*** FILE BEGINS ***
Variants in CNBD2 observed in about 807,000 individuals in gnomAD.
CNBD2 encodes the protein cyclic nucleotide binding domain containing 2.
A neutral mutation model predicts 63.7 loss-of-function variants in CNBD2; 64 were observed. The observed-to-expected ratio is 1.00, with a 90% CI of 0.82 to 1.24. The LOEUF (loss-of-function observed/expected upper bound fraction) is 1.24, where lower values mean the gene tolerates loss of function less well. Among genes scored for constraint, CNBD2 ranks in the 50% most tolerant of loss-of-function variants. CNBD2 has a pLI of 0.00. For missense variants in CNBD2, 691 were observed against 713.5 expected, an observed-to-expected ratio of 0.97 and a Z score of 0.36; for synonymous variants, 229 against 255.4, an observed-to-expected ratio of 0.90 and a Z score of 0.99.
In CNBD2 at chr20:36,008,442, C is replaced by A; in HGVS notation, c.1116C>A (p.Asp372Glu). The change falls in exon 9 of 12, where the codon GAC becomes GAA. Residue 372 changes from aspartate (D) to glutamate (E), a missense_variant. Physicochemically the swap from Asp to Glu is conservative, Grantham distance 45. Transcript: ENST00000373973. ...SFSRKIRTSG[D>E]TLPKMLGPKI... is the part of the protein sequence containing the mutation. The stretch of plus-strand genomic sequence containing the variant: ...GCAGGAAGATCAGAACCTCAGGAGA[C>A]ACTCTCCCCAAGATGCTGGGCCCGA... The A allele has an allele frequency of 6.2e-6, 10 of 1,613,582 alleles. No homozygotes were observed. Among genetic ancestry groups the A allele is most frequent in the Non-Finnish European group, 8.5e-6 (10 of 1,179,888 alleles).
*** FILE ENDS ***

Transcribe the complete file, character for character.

Variants in CNBD2 observed in about 807,000 individuals in gnomAD.
CNBD2 encodes the protein cyclic nucleotide binding domain containing 2.
A neutral mutation model predicts 63.7 loss-of-function variants in CNBD2; 64 were observed. The observed-to-expected ratio is 1.00, with a 90% CI of 0.82 to 1.24. The LOEUF (loss-of-function observed/expected upper bound fraction) is 1.24, where lower values mean the gene tolerates loss of function less well. Among genes scored for constraint, CNBD2 ranks in the 50% most tolerant of loss-of-function variants. CNBD2 has a pLI of 0.00. For missense variants in CNBD2, 691 were observed against 713.5 expected, an observed-to-expected ratio of 0.97 and a Z score of 0.36; for synonymous variants, 229 against 255.4, an observed-to-expected ratio of 0.90 and a Z score of 0.99.
In CNBD2 at chr20:36,008,442, C is replaced by A; in HGVS notation, c.1116C>A (p.Asp372Glu). The change falls in exon 9 of 12, where the codon GAC becomes GAA. Residue 372 changes from aspartate (D) to glutamate (E), a missense_variant. Physicochemically the swap from Asp to Glu is conservative, Grantham distance 45. Transcript: ENST00000373973. ...SFSRKIRTSG[D>E]TLPKMLGPKI... is the part of the protein sequence containing the mutation. The stretch of plus-strand genomic sequence containing the variant: ...GCAGGAAGATCAGAACCTCAGGAGA[C>A]ACTCTCCCCAAGATGCTGGGCCCGA... The A allele has an allele frequency of 6.2e-6, 10 of 1,613,582 alleles. No homozygotes were observed. Among genetic ancestry groups the A allele is most frequent in the Non-Finnish European group, 8.5e-6 (10 of 1,179,888 alleles).